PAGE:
Yeong-shin Ma’s artist – middle-aged men behaving badly | Comics and graphic novels
“IThis is not enough to succeed,” said Gore Vidal. “The others must fail.” In his dark and funny new book, Artist, Korean cartoonist Yeong-shin Ma puts this notion front and center, with his three male characters vying for position in a world where the stakes can be so low that sometimes the only satisfaction is watching a pal ignite. And, yes, that makes for somewhat toxic reading; envy runs through him like poison. But it’s also kind of heartwarming to see these unfortunate middle-aged men – a musician, a writer and a painter – behaving so badly. The creative life, Ma suggests, is no nobler than any other, and the artist is no less prone to pettiness. In other words, be careful what you wish for.
Ma’s story revolves around three friends in their forties: Shin Deuk Nyeong is a once-successful but rapidly fading writer; Chun Jongseop is a musician with an irrational aversion to pop trends such as sampling; and Kwak Kyeongsu is a painter who is about to go crazy over the power he thinks he can wield as an administrator of the arts. This rough, rival trio loves to chat, drink, club, and make “hangover soup,” and when all three struggle to make a living at the same time, they get along pretty well, even if they don’t. they are way too macho. never talk properly about their true feelings. But then Chun Jongseop gets an unexpected break, in the form of a lucrative book deal for a memoir of his life as a musician, and things start to change. As her success goes straight to her head, the other two feel even worse than before. When, if ever, will the world pay attention?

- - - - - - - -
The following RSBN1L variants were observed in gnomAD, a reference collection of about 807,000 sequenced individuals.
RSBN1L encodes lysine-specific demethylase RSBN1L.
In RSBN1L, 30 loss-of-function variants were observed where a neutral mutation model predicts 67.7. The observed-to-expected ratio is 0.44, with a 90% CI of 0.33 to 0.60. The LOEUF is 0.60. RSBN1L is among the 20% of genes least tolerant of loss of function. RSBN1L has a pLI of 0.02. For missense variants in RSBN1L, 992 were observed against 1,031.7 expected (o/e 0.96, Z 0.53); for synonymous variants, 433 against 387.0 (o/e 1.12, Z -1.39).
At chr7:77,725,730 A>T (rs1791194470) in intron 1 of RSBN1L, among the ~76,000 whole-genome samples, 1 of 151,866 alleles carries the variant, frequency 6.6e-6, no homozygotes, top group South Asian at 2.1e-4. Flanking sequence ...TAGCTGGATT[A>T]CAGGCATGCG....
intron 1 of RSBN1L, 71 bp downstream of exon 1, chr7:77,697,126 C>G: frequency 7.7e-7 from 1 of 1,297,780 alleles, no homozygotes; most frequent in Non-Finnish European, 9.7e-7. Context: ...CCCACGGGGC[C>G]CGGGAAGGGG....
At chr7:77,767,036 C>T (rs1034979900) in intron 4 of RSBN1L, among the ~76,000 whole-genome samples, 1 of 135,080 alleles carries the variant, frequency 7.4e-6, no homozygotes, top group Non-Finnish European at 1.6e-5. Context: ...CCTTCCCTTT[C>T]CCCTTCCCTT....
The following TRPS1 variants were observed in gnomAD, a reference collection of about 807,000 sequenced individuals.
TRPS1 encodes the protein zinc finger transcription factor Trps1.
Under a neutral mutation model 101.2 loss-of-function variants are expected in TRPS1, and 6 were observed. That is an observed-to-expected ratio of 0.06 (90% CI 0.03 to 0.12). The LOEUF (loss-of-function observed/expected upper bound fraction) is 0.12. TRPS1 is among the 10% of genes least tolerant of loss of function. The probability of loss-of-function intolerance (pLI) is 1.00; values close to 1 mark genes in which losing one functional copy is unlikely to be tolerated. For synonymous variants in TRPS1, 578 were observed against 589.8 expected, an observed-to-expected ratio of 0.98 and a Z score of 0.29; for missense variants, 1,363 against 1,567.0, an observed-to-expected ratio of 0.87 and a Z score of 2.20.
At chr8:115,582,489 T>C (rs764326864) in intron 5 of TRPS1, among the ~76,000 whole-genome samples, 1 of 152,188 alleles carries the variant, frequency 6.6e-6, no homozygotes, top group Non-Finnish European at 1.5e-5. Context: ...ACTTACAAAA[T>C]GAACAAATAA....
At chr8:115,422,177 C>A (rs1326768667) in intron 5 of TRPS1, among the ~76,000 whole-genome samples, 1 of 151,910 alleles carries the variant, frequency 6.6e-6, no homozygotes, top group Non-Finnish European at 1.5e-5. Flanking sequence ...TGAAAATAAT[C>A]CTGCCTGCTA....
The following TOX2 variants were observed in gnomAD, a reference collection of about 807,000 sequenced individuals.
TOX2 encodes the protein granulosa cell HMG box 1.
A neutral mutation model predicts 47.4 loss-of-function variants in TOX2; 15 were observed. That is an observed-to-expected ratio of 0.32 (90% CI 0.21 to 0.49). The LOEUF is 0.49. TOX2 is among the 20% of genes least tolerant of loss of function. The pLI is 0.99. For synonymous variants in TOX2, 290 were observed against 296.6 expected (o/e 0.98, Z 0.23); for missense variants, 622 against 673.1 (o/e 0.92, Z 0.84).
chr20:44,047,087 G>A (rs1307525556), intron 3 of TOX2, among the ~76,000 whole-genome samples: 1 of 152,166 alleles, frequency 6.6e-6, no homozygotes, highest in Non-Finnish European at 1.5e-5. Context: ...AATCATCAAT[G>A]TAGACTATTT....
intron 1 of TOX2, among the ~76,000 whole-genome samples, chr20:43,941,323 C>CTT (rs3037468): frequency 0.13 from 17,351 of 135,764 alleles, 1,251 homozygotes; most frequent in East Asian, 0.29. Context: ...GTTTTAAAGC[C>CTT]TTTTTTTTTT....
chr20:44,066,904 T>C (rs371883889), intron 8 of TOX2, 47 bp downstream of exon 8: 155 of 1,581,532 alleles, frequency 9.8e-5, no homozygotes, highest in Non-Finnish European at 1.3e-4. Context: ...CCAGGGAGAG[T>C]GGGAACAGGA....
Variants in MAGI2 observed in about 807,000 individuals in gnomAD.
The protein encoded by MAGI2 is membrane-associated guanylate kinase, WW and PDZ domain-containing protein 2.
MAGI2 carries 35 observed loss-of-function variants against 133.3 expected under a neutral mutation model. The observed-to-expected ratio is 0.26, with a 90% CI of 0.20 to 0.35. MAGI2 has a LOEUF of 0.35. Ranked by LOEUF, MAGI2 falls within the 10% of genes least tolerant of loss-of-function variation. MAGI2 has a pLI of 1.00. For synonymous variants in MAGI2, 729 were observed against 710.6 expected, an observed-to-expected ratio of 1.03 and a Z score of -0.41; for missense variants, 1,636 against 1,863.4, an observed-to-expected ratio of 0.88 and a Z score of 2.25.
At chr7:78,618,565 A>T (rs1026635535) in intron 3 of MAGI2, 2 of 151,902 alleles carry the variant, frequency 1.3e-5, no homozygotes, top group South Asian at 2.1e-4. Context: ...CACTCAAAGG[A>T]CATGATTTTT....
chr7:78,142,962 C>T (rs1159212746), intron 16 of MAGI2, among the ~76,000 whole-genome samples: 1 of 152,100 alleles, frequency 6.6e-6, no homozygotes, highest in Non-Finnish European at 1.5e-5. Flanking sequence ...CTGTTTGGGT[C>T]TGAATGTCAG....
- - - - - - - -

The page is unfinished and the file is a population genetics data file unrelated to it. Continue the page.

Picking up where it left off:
Artist, which has more than 600 pages, is twice as long as moms, Yeong-shin Ma’s latest award-winning book, and I found it much harder to read. While moms put women at the center of attention, they are here only marginal figures, victims of the horrible sexism of its male characters. I was also confused by the way he drew Chun Jongseop – his head, for no reason ever explained, is shaped like a butternut squash. But it’s a fascinating comic nonetheless, and one that has been wonderfully translated by Janet Hong, the male banter flying like ping-pong balls over a net. The characters’ inner monologues, both desperate and hilarious and trivial, are utterly compelling.
While Yeong-shin Ma knows how his fellow people work – he sees the melancholy behind the bluster, the fear that drags them along even as they harass and let go and explode in unjustified rage – he also sets a boldly satirical eye on Korean society. . What’s underneath the neon capitalist exterior that the country exports to the rest of the world? How do its rules and customs restrict its citizens, and what happens to those who dare to break them? We are miles away from K-pop here, and the experience is painfully instructive.